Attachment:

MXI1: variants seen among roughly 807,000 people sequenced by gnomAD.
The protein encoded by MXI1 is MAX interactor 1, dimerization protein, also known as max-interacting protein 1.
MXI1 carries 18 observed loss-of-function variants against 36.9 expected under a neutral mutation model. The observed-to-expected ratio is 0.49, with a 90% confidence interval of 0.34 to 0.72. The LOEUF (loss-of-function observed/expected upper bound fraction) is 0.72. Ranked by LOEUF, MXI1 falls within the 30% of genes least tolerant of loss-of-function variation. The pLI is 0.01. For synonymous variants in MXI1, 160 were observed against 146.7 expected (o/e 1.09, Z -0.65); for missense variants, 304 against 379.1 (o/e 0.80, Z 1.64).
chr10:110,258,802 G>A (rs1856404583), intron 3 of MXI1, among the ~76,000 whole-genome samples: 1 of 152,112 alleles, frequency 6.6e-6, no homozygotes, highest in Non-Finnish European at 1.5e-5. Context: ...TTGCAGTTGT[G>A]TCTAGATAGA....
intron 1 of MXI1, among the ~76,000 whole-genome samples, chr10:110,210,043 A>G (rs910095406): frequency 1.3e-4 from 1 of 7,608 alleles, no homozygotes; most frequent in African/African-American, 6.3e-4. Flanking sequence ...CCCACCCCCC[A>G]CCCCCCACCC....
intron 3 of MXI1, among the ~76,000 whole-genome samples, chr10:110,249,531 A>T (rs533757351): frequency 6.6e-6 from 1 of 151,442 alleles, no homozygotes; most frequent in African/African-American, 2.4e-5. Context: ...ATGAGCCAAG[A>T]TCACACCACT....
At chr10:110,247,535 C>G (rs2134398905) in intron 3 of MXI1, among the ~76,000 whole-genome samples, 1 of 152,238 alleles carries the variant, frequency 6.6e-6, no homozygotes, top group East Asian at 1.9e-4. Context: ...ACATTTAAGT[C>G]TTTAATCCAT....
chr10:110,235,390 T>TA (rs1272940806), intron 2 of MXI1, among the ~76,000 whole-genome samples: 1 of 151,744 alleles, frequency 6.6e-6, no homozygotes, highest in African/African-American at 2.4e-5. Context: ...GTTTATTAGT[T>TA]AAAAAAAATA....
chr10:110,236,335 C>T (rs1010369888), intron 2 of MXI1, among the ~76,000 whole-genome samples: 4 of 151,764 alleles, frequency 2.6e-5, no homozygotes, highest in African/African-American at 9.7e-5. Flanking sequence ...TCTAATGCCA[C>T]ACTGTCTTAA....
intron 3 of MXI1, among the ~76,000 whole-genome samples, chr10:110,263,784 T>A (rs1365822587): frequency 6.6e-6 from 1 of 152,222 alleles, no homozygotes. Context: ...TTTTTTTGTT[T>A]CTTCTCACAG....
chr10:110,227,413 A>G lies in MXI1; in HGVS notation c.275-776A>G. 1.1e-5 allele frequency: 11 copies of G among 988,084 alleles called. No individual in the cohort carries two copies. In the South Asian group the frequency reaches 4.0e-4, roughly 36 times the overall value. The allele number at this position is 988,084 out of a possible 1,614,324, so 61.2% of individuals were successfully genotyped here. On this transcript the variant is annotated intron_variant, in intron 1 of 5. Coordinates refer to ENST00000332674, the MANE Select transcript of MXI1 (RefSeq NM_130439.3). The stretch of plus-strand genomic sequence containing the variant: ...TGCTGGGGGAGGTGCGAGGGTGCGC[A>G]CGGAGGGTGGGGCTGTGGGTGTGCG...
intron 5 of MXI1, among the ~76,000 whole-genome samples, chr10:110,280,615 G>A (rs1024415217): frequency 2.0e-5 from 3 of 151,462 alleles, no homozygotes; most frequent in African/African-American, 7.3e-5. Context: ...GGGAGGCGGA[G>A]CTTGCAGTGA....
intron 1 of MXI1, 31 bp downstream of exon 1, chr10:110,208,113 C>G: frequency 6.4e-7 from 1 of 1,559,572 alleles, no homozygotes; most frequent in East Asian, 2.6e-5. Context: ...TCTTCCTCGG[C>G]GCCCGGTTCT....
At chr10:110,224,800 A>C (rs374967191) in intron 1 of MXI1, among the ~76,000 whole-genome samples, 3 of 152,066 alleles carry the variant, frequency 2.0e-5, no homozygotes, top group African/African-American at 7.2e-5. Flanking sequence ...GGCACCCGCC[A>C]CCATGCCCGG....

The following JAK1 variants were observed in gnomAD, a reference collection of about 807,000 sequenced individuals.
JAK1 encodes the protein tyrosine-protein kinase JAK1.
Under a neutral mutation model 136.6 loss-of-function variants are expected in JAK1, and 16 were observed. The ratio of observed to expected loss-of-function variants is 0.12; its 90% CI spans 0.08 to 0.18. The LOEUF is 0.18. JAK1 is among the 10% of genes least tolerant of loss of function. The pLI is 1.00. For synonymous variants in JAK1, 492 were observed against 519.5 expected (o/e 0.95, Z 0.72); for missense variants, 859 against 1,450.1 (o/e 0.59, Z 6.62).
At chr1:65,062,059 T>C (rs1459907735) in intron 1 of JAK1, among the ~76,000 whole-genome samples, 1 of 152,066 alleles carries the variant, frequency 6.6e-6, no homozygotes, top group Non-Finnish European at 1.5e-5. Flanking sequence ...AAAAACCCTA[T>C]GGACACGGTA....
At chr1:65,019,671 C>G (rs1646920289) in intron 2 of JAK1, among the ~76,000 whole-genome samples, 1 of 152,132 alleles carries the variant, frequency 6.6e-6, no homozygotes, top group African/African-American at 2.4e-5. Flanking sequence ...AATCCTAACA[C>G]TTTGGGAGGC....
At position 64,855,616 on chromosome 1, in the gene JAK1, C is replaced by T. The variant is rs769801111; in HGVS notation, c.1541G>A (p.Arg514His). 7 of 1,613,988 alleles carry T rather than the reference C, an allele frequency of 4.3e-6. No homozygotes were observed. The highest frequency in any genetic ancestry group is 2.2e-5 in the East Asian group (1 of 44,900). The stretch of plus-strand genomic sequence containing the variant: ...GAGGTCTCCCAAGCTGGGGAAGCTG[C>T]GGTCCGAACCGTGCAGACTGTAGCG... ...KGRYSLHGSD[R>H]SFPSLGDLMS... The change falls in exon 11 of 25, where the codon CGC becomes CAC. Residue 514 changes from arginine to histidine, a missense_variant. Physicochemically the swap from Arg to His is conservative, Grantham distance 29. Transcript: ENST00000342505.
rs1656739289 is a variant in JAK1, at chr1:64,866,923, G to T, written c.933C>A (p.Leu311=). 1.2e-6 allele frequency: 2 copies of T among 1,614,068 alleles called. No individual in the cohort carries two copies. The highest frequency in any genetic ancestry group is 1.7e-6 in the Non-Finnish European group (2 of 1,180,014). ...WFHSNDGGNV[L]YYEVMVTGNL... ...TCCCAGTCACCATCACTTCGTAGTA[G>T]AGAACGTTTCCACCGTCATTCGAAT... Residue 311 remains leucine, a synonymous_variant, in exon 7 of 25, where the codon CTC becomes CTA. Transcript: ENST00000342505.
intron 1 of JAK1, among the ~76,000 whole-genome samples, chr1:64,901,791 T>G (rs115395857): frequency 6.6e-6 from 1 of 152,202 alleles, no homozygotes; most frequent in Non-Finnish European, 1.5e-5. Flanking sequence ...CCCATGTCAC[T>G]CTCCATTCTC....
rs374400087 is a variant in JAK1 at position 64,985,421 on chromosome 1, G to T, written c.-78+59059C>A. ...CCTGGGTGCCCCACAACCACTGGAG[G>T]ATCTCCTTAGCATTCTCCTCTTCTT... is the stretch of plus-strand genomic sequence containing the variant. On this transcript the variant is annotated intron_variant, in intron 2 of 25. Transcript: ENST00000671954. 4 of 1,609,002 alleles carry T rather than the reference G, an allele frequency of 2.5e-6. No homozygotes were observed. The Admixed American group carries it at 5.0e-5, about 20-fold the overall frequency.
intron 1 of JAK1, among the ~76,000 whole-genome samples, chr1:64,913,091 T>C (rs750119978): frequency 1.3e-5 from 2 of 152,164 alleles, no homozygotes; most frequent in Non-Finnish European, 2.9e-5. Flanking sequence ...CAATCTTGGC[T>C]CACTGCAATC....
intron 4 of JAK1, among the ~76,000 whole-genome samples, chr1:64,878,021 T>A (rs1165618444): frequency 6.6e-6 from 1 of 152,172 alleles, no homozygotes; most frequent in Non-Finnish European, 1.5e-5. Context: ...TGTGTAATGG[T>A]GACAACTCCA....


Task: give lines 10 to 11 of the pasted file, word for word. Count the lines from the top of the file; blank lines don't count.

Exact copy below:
intron 3 of MXI1, among the ~76,000 whole-genome samples, chr10:110,263,784 T>A (rs1365822587): frequency 6.6e-6 from 1 of 152,222 alleles, no homozygotes. Context: ...TTTTTTTGTT[T>A]CTTCTCACAG....
chr10:110,227,413 A>G lies in MXI1; in HGVS notation c.275-776A>G. 1.1e-5 allele frequency: 11 copies of G among 988,084 alleles called. No individual in the cohort carries two copies. In the South Asian group the frequency reaches 4.0e-4, roughly 36 times the overall value. The allele number at this position is 988,084 out of a possible 1,614,324, so 61.2% of individuals were successfully genotyped here. On this transcript the variant is annotated intron_variant, in intron 1 of 5. Coordinates refer to ENST00000332674, the MANE Select transcript of MXI1 (RefSeq NM_130439.3). The stretch of plus-strand genomic sequence containing the variant: ...TGCTGGGGGAGGTGCGAGGGTGCGC[A>G]CGGAGGGTGGGGCTGTGGGTGTGCG...